January 22, 2017
It has been suggested that I start a blog – perhaps replace these emails with a blog. That’s being now considered. Any comments and suggestions will be welcomed.
The timing for a blog is, perhaps, right. Today the World order is expected to change. We are about to be Trumped. (I grew up as a bridge player; I shall surely re-enter that world when I slow down. In the meantime, it is likely I shall refer to the game during the next 4 years. (‘8 years!!’ do I hear some of you shout?).
One ‘adjustment’ I am making is the publishing of all my letters on Ourboox.com, a free online publishing website. I have already 35 ‘other books’ published, so what’s another 305 (This email is, in fact, Letter No. 305 – or 306 – who knows..).
On October 27, 2004, in ‘Letter of Israel # 38, entitled ‘Extracts’, I wrote the following 3 paragraphs –
Yesterday, the Knesset voted to leave Gaza. It was not really part of the peace negotiations. It’s quite simple – like in Lebanon, if the enemy does not want peace, if they do not allow a mixture of citizens, then we separate the 2, draw a clear border, and NOW we can clearly identify the enemy. Tragic, but that’s how it is.
It’s a proven fact that building of borders, giving ‘them’ the land they demand, does not guarantee peace, nor a better life for the Palestinians or Lebanese.
Many of the settlers are not the ones you see screaming on the TV. They are people who were convinced by the then government to settle, with peace as the expected target. They built beautiful homes and villages, farms and small industries. A great potential partner for the Palestinian neighbours. Now they have to uproot. One tragedy after another.
In ‘democratic’ countries (I have trouble writing that word without questioning the definition) the influx of educated and and industrious immigrants often results in progress. In fact, you don’t have to compare the West Bank only with Gaza. Put is against most countries and you see economical success. The Palestinian leaders should/could take a step back, start accepting reality, and get used to a decent country.
It’s a week to go till the US elections. PLEASE LET THE GOOD GUY WIN!!
That’s what I wrote 12 years ago. Do any of you recall who lost against the incumbent George W. Bush? Who was the one I referred to as the ‘good guy’? It was John Kerry….How different would it have been, had Kerry won. What would have been the context of his speech last week, had he had the experience of occupying the White House?
President Trump will have to somewhat ‘soften’ his actions once in power. But still, we all know that there will be some dramatic changes. Here are a couple which will directly effect Israel and could disrupt the region –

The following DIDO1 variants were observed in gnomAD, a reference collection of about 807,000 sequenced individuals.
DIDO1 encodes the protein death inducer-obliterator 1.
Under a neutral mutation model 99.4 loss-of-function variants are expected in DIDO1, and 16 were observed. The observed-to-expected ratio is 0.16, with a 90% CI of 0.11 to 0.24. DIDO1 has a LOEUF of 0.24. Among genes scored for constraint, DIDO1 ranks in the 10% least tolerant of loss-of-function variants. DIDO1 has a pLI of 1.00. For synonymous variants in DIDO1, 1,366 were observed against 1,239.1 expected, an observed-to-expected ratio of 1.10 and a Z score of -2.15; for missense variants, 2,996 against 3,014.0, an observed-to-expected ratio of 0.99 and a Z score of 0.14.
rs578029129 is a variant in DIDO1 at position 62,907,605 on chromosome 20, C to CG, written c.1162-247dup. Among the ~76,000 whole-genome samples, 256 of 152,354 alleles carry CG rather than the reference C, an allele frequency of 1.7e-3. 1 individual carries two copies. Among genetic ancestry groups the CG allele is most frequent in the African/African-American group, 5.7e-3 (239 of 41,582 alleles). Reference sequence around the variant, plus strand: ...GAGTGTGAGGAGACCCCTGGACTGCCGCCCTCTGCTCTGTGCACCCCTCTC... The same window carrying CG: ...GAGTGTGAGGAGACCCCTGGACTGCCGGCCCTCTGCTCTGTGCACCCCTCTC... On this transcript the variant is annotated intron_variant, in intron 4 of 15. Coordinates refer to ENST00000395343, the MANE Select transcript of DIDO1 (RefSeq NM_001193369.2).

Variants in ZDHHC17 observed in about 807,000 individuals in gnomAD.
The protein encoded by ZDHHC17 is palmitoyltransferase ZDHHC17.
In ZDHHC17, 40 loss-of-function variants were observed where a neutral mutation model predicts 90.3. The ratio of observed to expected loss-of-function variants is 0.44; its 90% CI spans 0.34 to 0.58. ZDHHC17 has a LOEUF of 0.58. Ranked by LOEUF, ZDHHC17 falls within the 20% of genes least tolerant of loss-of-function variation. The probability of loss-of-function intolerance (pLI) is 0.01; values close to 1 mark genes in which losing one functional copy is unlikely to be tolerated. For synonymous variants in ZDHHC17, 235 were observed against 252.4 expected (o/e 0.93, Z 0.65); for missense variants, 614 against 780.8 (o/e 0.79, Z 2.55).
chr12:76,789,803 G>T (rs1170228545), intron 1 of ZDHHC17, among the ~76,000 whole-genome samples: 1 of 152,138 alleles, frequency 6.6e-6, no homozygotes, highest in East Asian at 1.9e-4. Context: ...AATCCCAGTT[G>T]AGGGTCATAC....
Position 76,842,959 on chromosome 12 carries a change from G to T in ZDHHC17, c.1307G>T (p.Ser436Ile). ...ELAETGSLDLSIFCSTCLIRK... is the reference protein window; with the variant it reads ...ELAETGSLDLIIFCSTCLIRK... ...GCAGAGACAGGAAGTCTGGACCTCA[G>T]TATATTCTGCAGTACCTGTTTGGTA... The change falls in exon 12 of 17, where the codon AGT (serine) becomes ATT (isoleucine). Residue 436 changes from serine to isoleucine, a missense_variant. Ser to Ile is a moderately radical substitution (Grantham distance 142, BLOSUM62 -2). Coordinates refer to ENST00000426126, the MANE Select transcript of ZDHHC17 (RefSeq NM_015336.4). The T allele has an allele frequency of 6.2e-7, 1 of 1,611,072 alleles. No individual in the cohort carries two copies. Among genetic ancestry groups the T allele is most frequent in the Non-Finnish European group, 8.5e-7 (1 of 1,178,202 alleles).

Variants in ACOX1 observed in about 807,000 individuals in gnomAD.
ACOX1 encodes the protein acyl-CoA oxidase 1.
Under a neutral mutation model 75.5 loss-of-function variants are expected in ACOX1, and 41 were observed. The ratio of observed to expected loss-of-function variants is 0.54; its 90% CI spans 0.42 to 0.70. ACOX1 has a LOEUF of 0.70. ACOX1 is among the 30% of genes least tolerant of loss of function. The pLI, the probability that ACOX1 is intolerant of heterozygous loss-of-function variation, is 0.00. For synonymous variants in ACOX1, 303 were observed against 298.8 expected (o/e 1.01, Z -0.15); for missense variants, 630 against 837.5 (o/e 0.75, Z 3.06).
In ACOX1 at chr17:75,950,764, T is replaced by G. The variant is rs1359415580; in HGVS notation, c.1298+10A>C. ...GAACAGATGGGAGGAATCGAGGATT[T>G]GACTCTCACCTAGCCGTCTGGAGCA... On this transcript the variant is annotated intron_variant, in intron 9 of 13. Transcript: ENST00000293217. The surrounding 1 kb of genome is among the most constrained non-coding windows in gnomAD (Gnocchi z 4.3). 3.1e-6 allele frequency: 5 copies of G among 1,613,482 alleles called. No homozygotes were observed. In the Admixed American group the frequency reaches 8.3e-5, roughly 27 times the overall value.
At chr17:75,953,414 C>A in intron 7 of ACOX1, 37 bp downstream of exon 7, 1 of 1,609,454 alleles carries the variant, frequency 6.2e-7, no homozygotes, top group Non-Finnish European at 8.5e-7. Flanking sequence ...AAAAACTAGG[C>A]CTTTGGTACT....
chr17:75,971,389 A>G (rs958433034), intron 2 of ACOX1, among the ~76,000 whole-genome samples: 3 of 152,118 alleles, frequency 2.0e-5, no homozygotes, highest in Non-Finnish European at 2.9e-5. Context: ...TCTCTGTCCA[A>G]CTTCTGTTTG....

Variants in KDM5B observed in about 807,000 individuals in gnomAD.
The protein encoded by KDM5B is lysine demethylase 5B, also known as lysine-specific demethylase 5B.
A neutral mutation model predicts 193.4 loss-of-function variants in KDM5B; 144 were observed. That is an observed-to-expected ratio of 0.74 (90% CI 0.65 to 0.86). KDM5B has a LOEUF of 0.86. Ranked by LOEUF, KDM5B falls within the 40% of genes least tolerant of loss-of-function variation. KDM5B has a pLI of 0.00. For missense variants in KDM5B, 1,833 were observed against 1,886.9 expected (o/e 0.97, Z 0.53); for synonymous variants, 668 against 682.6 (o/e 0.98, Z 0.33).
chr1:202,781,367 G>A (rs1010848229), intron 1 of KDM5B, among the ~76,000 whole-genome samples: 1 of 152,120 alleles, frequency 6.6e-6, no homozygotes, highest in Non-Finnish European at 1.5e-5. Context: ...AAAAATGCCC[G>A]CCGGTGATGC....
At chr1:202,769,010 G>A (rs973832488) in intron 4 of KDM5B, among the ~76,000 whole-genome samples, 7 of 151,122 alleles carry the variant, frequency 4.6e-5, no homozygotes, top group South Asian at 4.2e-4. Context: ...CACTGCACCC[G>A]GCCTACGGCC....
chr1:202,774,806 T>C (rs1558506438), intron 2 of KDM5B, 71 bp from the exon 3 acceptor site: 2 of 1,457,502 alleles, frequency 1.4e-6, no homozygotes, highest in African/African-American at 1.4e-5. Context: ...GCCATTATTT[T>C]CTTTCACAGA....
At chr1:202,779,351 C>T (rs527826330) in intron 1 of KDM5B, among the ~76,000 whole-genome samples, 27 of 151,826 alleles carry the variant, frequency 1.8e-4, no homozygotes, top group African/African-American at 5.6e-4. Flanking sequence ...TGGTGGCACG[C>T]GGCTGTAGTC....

Move the US embassy to Jerusalem.
The Arabs, especially the Palestinians, have so much political confidence, that such a move could start the 3rd Intifada. Israel’s reaction to that would severely test their standing in the international community. Trump’s subsequent support of Israel will push Iran’s mercenaries is Gaza and south Lebanon to the edge.
Jared Kushner is Trump’s new envoy to the Middle East.
He’s the son-in-law, married to Ivanka. They are orthodox jews. I shall be ‘happily surprised if this good-looking, well-mannered, inexperienced gentleman can succeed where so many others have failed. And if/when he does, an exasperated President is going to get himself more-involved. He’s the kind of businessman who will not take no for an answer, and will insist that ‘a deal is always possible’.
I think the Middle East is high on Trump’s priority list. He has members of his team who want something to happen. I actually think that his gung-ho style has more chance of some success in this region.
Recind some or all of the Iran deal
Not sure how Trump will force that toothpaste back into the tube. That said, I do not believe the Iranians are people with whom the ‘non-diplomat’ Trump can work. I see a modern-day Cuban crisis on the horizon.
Build the Mexican wall
That will remind everyone that such walls exist all over the World, and often show immediate and clear results. I might actually start calling ours ‘a wall’, even though most of it is ‘a fence’.
One of the reasons I say I like living in Israel is that there’s never a dull moment. Something’s always happening, whether positive or negative. That may not be something for the Swiss, Norwegians or Luxenbourgers, and as I get older, I also may want ‘peace and quiet’.
For the next 100 days at least, there will not be many dull moments.